Posted on December 11, 2018

Black Students in Buffalo Twice as Likely to Be Suspended as White Classmates

Jay Rey, Buffalo News, December 9, 2018

When it comes to school discipline, Buffalo suspends students at a higher rate than any of the large urban districts in New York State.

Not only that, but black students in Buffalo are more than twice as likely to be suspended than their white classmates. Most susceptible are black males in the city’s high schools.

But those inequities go far beyond Buffalo.

Across the rest of Erie County, for example, black students make up a small percentage of school enrollment, but account for more than one-fifth of the suspensions.

That’s according to a new report from a statewide coalition trying to shed a spotlight on the racial disparities in how districts across the state impose out-of-school suspensions.

The report, being released Monday by the New York Equity Coalition, underscores the research that shows black students nationwide are being suspended at far greater rates than white students and that there needs to be more alternatives to the traditional punitive model of school discipline.


“When we look at the statewide data, we see an extraordinary difference in how schools impose out-of-school suspensions on black students and white students and this is important because an out-of-school suspension means the loss of valuable instruction time,” said Ian Rosenblum, executive director of the Education Trust-New York.


Superintendent of Schools Kriner Cash

Buffalo Superintendent Kriner Cash applauded the watchdog group. He called this a long-standing justice issue in education.


Suspension rates differ

The Education Trust, a non-profit that advocates for students of color and low income, is a member of the equity coalition, which also includes parent, business, education and civil rights groups. It analyzed state data that showed the number of students who were suspended at least once during the 2016-17 school year.

Some of the findings:

  • Buffalo had the highest overall suspension rate when compared to its peers around the state — Rochester, Syracuse and Yonkers. Nearly 14 percent of students in Buffalo received at least one suspension.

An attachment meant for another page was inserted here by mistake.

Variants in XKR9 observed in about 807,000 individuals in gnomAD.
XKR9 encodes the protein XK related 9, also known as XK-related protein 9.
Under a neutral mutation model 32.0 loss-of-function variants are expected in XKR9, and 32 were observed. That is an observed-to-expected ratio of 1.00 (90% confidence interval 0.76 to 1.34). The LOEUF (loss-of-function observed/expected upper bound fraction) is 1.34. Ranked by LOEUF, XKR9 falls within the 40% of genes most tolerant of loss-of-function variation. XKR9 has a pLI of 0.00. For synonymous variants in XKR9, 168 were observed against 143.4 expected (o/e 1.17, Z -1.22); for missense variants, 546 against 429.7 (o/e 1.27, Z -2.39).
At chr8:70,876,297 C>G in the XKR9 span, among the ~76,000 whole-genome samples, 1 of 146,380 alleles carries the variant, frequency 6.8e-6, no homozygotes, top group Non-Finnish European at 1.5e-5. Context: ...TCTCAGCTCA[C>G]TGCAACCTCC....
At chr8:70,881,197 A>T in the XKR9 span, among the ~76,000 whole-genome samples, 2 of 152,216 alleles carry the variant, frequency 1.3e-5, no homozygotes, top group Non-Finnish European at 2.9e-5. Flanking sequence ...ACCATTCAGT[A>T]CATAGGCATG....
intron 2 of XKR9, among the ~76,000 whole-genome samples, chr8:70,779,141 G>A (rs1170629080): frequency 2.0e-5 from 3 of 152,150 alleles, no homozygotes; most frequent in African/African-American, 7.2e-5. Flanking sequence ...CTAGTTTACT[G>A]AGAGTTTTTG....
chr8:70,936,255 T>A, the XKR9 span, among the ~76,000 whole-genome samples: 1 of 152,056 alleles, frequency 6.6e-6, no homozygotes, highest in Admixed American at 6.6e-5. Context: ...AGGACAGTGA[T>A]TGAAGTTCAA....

• Buffalo is twice as likely to suspend black students than white students. Nineteen percent of black students had at least one suspension, compared to roughly 9 percent of whites. The suspension rate for black students in Buffalo also was the highest when stacked up against Rochester, Syracuse and Yonkers. In New York City, the overall suspension is lower because of how the district imposes out-of-school suspensions, but the suspensions are also racially disproportionate.
  • Black male high school students are suspended at a higher rate than any other group of students. That’s particularly true for Buffalo. Outside New York City, 19 percent of black high school students received at least one suspension. In Buffalo, it was 30 percent.
  • The racial inequity is even more stark outside of Buffalo. Across the rest of Erie County, black students made up only 5 percent of the enrollment, but accounted for 21 percent of the suspensions.

“It’s not just about Buffalo,” Rosenblum said. “Outside Buffalo, in Erie County, we see stunning disparities in how school districts impose suspensions.”


The school district, however, has gotten some push-back from the Buffalo Teachers Federation, which complained last year that bad classroom behavior was receiving little to no consequences.

Teachers say the training hasn’t been comprehensive enough and there’s not enough time in the day to institute it faithfully, according to Philip Rumore, BTF president. The union, instead, called for a substantial increase in the number of school counselors, social workers and psychologists.

“If there are a disproportionate number of students being suspended — and there probably are — then we have to look deeper at why they are being suspended and work to solve the problems that are causing their suspension,” Rumore said. “Just saying it’s because of race doesn’t really do the issue justice.”